Rogue Client – attack describes the attacker who is trying to steal the ownership of an existing client in terms of authentication credentials, and his/her device. In relation to this, Maxim & Pollino (2002) are saying that “after studying a client in the field, an attacker may choose to mimic or clone the client’s identity and attempt to gain access to the network and advertised services, or even the attacker may also be so bold as to steal an access device to attempt to gain access to the network” (p. 52).
Rogue Network Access Points – if I am allowed to drag a similarity with the man-in-the-middle attack, then I’ll call this type of an attack as Access Point-in-the-Middle. Attacker is setting up the fake Access Point in order to catch “sincere” clients who unknowingly are connected to this type of Access Point. “Sincere” clients easily will provide sensitive data, including authentication credentials.
War Driving – since lately the wireless networks are in expansion, than there are more and more unsecured and unprotected wireless networks available out there. An attacker equipped with a laptop or tablet moves around the block to discover open wireless networks. As soon as the attacker locates an unsecured Access Point, the attacker gains access and enjoys the different activities on the web “with a stolen credit card.”
Covert Wireless Channels – non-standardized and wrongly configured wireless devices are presenting a big threat for the mixed networking environments such as wireless and wired networks. It’s a responsibility of the network designers and implementers to be cautious of what devices are purchasing and setting up in their wireless networks. In relation to this, Maxim & Pollino (2002) are warning us that “due to the low cost of wireless access points and the ease of creating software-based access points consisting of a standard desktop or laptop computer and a wireless NIC, one must be vigilant in detecting incorrectly configured or unintentionally deployed wireless equipment on the wired network” (p. 59).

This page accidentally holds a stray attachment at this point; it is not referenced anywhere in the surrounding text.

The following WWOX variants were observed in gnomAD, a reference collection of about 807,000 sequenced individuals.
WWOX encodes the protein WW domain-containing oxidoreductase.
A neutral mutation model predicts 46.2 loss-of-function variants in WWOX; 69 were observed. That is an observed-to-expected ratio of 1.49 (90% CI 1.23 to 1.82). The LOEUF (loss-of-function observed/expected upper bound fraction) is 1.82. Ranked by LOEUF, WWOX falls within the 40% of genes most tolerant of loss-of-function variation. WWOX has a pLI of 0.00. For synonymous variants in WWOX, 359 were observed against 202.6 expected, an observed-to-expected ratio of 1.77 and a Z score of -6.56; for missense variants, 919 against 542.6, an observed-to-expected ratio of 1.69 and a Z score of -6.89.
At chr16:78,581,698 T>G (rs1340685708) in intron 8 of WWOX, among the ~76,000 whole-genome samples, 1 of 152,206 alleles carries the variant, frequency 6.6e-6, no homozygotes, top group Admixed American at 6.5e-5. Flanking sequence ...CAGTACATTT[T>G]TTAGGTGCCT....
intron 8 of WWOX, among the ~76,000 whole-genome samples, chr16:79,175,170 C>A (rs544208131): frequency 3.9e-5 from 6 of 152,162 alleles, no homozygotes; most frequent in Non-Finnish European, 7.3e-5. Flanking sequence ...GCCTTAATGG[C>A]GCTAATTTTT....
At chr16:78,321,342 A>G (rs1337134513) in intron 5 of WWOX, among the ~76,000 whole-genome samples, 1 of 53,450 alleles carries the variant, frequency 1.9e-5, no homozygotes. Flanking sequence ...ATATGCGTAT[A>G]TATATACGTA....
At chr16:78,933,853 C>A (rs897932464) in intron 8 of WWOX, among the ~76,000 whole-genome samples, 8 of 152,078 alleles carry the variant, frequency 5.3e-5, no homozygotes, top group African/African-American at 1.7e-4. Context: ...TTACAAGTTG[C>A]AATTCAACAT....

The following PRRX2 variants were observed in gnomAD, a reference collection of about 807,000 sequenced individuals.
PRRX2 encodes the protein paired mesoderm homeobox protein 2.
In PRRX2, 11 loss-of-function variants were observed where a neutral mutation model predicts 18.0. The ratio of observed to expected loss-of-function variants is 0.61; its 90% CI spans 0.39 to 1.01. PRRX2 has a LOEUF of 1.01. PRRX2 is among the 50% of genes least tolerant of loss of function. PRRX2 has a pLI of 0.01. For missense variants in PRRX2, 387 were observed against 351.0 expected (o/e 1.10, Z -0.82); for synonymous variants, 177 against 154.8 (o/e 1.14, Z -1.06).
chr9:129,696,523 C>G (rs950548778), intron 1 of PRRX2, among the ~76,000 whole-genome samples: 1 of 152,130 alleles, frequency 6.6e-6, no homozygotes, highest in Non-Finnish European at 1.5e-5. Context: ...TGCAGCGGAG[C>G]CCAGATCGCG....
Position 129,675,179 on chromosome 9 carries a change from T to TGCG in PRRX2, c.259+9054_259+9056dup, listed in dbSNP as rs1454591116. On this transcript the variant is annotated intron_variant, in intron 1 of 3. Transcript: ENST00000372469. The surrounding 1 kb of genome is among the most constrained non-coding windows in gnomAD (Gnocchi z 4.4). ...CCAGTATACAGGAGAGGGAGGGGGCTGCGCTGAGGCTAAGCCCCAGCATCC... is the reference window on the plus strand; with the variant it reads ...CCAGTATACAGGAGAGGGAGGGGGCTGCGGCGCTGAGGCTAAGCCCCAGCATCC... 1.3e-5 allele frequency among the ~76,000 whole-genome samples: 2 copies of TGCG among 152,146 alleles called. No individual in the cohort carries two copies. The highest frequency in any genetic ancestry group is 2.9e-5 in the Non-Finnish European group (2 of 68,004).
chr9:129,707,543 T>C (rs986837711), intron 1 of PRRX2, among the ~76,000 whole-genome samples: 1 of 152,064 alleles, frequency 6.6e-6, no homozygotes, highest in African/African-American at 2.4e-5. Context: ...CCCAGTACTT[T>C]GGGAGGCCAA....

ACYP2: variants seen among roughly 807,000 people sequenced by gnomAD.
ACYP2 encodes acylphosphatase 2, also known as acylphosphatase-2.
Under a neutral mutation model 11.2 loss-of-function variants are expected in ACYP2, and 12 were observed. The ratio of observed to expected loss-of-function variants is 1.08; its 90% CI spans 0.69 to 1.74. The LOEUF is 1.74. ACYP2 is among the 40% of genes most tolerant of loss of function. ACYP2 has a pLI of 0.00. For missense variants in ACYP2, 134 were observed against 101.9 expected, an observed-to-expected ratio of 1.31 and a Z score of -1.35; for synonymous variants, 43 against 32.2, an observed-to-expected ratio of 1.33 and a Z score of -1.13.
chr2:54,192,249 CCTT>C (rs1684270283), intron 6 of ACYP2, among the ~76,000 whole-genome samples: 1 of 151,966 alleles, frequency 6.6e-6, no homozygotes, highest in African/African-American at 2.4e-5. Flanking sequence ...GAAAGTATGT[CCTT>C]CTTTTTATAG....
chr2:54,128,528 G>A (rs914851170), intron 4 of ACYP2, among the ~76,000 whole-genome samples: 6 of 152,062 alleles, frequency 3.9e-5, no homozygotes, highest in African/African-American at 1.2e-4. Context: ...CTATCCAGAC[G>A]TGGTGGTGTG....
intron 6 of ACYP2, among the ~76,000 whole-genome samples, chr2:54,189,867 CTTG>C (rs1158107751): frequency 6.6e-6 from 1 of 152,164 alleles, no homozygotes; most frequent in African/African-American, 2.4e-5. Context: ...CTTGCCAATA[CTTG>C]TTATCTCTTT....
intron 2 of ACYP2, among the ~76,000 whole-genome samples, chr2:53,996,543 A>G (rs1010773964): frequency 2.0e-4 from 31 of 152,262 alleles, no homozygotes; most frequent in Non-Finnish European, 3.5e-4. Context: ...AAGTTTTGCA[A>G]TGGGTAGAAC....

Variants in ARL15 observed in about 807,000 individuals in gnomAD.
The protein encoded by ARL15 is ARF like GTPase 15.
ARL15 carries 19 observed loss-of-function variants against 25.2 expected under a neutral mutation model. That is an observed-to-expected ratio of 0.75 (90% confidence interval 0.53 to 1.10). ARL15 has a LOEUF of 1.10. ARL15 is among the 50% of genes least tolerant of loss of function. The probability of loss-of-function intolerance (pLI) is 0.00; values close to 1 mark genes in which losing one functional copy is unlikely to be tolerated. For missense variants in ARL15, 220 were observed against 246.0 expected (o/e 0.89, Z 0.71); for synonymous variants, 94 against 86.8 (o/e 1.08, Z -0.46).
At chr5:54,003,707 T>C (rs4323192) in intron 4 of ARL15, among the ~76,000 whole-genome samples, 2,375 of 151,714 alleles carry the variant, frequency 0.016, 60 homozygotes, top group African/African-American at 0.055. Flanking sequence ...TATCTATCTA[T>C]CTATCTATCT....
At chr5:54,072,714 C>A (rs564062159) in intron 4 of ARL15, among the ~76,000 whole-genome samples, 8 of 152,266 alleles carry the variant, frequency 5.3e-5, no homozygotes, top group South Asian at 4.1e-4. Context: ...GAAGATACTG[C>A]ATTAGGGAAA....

Listed above were just some of the well known types of attacks that are taking place now days in computer networks in general, in wireless networks in particular. The reality is proving that the list of existing wireless networks attacks is even longer, thus the demands for protecting and securing wireless networks are higher than ever. In relation to this, Hines (2006) says “a new study published by researchers at RSA Security finds that as the number of wireless networks located in some of the world’s largest cities is growing, so is the number of those systems protected by encryption or other IT defenses” (¶ 1). This was not the case in the past, as according to Hines (2006) “researchers found that businesses and consumers were often setting up wireless networks without thoroughly applying security measures” (¶ 2).
- Hines, Matt, 25 May 2006. “RSA Study: Wireless Network Security Tightens Up.” Retrieved on October 31st, 2016 from URL: http://www.eweek.com/article2/0,1895,1967739,00.asp
- Merritt, Maxim & David Pollino. Wireless Security. McGraw-Hill Companies, Inc., 2002.
- Newman, C. Robert. Enterprise Security, 2nd Ed. New Jersey: Pearson Education, 2003.
- Pfleeger, Charles, & Shari Lawrence Pfleeger. Security in Computing, 3rd Ed. New Jersey: Prentice Hall, 2003.
- Publication Manual of the American Psychological Association, 5th Ed. Washington, D.C.: American Psychological Association 2001
- Stalling, Williams n.d. “Cryptography and Network Security” Retrieved on October 31st, 2016 from URL: http://slideplayer.com/slide/4546955/
Hope you’ll find this post informative.
peace and blessings,